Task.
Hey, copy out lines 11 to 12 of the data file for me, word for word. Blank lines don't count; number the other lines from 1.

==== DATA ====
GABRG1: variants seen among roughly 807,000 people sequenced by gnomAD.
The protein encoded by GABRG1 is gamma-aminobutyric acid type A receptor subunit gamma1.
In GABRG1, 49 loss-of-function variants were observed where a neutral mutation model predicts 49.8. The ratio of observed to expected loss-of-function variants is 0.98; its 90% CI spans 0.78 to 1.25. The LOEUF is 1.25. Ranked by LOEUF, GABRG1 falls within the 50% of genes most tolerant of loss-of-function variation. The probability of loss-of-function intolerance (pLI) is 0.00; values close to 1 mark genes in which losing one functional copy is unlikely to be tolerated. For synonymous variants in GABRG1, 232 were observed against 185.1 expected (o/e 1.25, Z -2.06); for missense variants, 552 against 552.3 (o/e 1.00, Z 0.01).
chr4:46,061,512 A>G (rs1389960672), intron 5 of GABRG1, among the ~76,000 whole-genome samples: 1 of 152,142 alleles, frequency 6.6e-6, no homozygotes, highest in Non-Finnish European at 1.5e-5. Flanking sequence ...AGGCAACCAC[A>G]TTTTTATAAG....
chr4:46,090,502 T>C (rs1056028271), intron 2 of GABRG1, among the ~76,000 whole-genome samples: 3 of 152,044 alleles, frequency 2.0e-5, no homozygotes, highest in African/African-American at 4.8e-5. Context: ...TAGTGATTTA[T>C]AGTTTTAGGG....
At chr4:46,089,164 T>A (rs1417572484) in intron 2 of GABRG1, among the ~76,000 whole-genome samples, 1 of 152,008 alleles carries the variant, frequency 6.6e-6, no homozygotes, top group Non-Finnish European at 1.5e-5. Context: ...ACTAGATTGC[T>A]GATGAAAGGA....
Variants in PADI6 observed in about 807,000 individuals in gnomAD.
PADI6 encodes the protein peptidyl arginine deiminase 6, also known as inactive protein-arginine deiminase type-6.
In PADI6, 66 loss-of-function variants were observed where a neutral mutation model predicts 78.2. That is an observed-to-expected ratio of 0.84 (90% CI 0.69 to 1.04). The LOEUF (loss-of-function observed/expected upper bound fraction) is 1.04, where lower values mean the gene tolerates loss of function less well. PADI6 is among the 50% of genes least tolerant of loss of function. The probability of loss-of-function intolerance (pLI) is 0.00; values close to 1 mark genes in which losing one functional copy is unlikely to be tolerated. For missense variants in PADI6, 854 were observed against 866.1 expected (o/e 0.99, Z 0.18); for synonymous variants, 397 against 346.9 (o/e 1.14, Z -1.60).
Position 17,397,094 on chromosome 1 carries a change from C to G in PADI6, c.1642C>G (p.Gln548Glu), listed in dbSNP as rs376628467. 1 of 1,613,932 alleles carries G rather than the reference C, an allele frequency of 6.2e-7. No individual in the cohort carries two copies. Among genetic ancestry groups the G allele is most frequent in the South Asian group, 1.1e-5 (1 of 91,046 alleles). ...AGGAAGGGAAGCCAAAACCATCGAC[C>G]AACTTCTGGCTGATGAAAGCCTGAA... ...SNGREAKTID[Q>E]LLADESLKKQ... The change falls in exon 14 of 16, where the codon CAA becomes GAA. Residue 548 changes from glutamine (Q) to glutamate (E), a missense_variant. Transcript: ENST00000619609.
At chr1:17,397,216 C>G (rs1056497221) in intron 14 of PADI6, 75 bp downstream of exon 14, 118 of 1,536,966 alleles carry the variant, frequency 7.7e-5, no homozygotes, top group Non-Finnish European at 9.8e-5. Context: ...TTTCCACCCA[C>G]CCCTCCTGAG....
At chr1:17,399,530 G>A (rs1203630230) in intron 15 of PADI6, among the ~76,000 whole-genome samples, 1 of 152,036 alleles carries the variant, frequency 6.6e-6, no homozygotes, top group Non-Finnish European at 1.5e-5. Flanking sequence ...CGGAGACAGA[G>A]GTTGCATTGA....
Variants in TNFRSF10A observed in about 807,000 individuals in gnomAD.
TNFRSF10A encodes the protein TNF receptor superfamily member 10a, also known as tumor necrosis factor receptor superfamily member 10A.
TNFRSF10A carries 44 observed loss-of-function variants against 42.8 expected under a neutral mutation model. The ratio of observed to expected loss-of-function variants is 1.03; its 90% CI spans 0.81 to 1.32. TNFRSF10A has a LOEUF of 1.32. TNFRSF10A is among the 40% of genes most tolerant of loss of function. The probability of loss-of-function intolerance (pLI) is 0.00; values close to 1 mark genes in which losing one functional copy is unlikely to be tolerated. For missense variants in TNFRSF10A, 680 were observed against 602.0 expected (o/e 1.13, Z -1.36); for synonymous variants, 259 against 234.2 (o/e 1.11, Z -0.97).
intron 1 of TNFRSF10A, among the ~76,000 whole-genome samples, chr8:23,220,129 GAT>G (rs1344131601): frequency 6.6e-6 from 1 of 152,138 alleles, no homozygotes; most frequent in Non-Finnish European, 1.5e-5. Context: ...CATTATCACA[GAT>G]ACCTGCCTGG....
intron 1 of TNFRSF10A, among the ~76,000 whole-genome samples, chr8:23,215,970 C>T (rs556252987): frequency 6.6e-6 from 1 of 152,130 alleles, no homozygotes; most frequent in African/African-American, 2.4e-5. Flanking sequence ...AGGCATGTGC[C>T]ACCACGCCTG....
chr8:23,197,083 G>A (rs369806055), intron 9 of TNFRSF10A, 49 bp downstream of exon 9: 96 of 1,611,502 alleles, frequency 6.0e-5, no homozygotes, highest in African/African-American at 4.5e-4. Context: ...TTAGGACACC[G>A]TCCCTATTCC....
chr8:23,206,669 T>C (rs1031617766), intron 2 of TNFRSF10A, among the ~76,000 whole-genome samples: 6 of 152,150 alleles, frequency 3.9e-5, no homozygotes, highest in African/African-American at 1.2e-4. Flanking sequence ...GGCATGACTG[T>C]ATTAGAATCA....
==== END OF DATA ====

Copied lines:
At chr1:17,397,216 C>G (rs1056497221) in intron 14 of PADI6, 75 bp downstream of exon 14, 118 of 1,536,966 alleles carry the variant, frequency 7.7e-5, no homozygotes, top group Non-Finnish European at 9.8e-5. Context: ...TTTCCACCCA[C>G]CCCTCCTGAG....
At chr1:17,399,530 G>A (rs1203630230) in intron 15 of PADI6, among the ~76,000 whole-genome samples, 1 of 152,036 alleles carries the variant, frequency 6.6e-6, no homozygotes, top group Non-Finnish European at 1.5e-5. Flanking sequence ...CGGAGACAGA[G>A]GTTGCATTGA....